Norman E. Moxley[70] Democrat 1958–1959 Howard W. Clark Democrat 1957–1958 Charles E. Harman Democrat 1957–1958
  Charles M. Scott[71] Democrat 1959–1962 Norman E. Moxley Democrat 1959–1962 Arthur K. Pickett Democrat 1959–1962
  Charles E. Miller Republican 1962–1966 J. Hubert Black Republican 1962–1966 David W. Force Republican 1962–1966
  Charles E. Miller Republican 1966–1970 J. Hubert Black Republican 1966–1970 Ridgley Jones Democrat 1968–1970

County Executives and Council Members

Name Affiliation Term Council (Districts 1, 2, 3, 4, 5)
  Omar J. Jones Democrat 1969–1973 Alva S. Baker, Edward L. Cochran, J. Hugh Nichols, Charles E. Miller, William S. Hanna[72]
  Edward L. Cochran Democrat 1974–1978 Richard Anderson (Elizabeth Bobo - appointed),[73] Ruth Keeton, Lloyd Kowles, Virginia Thomas, Thomas Yeager[74]
  J. Hugh Nichols[75] Democrat 1978–1982 Ruth U. Keeton, Elizabeth Bobo, Lloyd G. Knowles, Virginia M. Thomas, Thomas M. Yeager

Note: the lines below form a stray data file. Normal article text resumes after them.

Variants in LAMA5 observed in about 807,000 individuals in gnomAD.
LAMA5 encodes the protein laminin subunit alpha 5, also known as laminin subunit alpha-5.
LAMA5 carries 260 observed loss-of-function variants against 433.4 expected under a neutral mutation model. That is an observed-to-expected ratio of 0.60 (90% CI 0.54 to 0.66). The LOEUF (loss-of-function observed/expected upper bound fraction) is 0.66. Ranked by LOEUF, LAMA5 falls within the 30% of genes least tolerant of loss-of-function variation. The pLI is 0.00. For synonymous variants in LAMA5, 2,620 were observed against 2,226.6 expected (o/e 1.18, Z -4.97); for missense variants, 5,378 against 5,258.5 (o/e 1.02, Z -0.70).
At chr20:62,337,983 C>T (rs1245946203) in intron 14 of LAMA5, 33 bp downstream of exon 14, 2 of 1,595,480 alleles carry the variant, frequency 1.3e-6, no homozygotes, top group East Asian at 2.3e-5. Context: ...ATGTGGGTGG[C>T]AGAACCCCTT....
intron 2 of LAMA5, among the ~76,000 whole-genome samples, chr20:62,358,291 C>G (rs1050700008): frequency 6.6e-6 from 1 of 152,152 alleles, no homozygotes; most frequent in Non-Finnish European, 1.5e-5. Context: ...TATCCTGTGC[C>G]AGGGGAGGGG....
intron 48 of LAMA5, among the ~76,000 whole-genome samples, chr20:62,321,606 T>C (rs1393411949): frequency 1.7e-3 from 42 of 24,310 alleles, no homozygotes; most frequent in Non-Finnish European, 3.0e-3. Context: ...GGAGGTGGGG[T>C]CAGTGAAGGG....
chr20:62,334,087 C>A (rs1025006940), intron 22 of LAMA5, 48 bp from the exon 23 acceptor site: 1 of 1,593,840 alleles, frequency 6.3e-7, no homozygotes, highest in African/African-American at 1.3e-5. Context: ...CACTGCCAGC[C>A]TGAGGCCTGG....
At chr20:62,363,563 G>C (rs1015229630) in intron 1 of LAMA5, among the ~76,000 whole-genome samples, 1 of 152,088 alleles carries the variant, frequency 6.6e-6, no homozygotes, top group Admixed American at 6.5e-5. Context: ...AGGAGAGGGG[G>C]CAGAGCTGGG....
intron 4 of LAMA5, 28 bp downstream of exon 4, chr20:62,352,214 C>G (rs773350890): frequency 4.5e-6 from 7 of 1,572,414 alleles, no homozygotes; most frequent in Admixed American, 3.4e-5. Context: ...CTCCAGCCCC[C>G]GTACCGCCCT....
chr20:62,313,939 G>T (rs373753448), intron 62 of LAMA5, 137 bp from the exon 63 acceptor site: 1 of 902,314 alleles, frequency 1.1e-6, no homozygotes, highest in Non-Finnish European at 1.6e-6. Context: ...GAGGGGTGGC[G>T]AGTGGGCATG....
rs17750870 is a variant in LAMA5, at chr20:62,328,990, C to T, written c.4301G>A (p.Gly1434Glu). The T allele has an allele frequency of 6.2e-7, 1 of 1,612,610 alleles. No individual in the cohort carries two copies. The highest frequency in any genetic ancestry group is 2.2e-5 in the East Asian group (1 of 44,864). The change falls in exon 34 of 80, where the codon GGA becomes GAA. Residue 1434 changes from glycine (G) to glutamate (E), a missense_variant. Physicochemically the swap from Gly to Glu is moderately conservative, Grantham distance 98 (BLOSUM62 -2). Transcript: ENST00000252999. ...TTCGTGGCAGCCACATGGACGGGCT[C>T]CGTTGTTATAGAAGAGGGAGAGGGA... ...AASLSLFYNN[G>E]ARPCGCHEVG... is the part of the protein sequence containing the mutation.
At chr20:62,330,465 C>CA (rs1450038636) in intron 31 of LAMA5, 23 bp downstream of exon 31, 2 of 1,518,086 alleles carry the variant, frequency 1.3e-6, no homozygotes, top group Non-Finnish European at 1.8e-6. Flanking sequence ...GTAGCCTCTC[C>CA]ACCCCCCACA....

J. Hugh Nichols Democrat 1982–1986 Ruth U. Keeton, Elizabeth Bobo, James C. Clark, C. Vernon Gray, Lloyd G. Knowles
  William E. Eakle[76][77] Democrat 1986 Ruth U. Keeton, Elizabeth Bobo, James C. Clark, C. Vernon Gray, Lloyd G. Knowles
  Elizabeth Bobo Democrat 1986–1990 Angela Beltram, C. Vernon Gray, Shane Pendergrass, Ruth Keeton, Charles Feaga
  Charles I. Ecker[78] Republican 1990–1994 Darrel E. Drown, C. Vernon Gray, Shane Pendergrass, Paul R. Farragut, Charles Feaga
  Charles I. Ecker Republican 1994–1998 Darrel E. Drown, C. Vernon Gray, Dennis R. Schrader, Mary C. Lorsung, Charles Feaga
  James N. Robey[79] Democrat 1998–2002 Christopher J. Merdon, C. Vernon Gray, Guy Guzzone, Mary C. Lorsung, Allan H. Kittleman
  James N. Robey Democrat 2002–2006 Christopher J. Merdon, David A. Rakes (Calvin Ball-appointed), Guy Guzzone, Ken Ulman, Allan H. Kittleman (Charles C. Feaga-appointed)[80][81]